FIFA has decided to nix synthetic turf fields at the 2023 Women’s World Cup. The stipulation was included in requirements sent to those countries bidding for the international tournament.  

The News Tribune notes that the new rule comes in the wake of controversy following the 2015 Women’s World Cup, which was played in Canada. At the time, some players threatened to launch a gender discrimination case — which was later withdrawn — because men’s World Cup games have always been played on natural grass. The players argued that turf is less forgiving than grass and impacts the game because of concerns over injury.

While full turf fields won’t be permitted in 2023, hybrid systems will. Such systems involve weaving millions of synthetic grass fiber between and beneath natural grass.

"The pitch shall feature a natural grass playing surface," FIFA's bidding requirements state. "Hybrid-grass systems are considered natural grass according to FIFA's requirements and hybrid reinforcement should be considered for stadium pitches."

FIFA is also asking that those countries bidding on the 2023 Cup ensure that each training ground has at least one natural grass field.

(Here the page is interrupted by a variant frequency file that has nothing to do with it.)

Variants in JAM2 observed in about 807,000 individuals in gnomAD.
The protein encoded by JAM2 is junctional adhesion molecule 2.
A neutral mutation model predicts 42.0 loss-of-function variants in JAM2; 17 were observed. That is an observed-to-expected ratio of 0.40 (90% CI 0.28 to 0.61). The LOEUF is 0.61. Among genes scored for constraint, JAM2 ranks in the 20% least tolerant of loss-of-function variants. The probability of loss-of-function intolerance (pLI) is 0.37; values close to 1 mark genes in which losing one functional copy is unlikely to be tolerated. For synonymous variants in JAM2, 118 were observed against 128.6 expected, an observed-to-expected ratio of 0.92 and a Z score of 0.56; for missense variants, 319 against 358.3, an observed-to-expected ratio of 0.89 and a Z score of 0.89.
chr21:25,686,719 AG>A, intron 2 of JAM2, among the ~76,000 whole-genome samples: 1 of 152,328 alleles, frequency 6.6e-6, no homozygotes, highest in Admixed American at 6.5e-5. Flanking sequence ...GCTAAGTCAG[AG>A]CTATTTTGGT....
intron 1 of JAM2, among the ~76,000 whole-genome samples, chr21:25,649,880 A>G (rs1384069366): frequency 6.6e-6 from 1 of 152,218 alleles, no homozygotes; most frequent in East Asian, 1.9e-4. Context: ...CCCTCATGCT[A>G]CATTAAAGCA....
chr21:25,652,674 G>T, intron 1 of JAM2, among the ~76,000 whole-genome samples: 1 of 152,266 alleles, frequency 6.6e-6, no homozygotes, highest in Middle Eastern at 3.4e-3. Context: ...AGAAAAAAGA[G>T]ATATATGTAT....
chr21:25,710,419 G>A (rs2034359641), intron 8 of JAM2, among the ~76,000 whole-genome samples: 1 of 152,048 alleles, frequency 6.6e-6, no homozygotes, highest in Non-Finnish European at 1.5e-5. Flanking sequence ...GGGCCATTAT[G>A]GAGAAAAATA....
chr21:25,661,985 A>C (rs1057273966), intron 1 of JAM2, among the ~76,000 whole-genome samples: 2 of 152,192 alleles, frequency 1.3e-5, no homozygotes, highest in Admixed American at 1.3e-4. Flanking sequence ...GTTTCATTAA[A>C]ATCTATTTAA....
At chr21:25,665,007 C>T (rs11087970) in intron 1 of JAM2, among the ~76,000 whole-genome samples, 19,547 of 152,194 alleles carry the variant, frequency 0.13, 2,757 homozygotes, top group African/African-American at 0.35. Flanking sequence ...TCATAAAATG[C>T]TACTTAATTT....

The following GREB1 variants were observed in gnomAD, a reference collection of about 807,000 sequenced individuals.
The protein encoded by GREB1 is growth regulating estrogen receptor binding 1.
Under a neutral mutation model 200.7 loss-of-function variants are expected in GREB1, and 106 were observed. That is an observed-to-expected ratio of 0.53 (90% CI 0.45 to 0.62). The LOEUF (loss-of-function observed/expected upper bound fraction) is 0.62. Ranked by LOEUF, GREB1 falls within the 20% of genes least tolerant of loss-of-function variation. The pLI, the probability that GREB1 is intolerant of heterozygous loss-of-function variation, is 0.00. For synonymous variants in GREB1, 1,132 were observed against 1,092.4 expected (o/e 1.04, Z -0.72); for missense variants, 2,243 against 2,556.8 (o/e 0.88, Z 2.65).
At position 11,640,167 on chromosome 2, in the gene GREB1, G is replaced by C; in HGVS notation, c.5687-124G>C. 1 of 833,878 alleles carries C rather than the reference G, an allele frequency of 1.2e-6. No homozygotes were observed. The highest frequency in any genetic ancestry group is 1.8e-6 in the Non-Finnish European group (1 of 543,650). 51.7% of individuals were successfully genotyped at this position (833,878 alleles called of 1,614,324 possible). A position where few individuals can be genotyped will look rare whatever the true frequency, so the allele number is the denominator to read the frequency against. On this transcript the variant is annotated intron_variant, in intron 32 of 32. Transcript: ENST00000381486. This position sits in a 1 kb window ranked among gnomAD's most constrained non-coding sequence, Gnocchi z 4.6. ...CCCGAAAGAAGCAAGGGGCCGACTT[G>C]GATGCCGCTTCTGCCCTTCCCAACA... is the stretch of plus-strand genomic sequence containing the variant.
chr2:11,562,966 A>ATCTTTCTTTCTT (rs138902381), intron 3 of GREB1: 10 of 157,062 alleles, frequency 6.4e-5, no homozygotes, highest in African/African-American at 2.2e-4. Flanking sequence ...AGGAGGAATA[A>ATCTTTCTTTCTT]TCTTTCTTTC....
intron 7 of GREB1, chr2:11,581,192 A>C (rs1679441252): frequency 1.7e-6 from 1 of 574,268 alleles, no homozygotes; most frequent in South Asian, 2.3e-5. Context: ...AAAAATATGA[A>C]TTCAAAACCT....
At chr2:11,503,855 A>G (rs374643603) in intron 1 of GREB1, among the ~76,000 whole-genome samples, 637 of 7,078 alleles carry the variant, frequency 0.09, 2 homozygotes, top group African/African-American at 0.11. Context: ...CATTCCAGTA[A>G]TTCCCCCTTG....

The Synthetic Turf Council said in a statement that it was disappointed in the new rules and hoped that FIFA would reconsider. 

"This follows FIFA’s judgement that the 2019 Women’s World Cup not be played on synthetic turf fields. While STC’s members specify, manufacturer and install best in class hybrid synthetic turf and natural grass systems, which are allowed by FIFA for the 2023 contest, the intentional exclusion of synthetic turf fields is misguided," the statement read. "Synthetic turf fields provide unparalleled playability, and promote year-round activity on safe and resilient surfaces well after the World Cup finishes. The STC respectfully requests that FIFA reexamine its bidding requirements for the 2023 tournament."

Among other requirements, FIFA will require that the opening game and final must be played in venues with at least 55,000 seats, while other games will need to accommodate 20,000 spectators. The semifinals must be played in the 35,000-capacity venues.

Countries that have expressed interest in hosting the tournament include South Korea, Australia, Japan, Argentina, Bolivia, Brazil, Colombia, New Zealand and South Africa.

Andy Berg is Executive Editor of Athletic Business.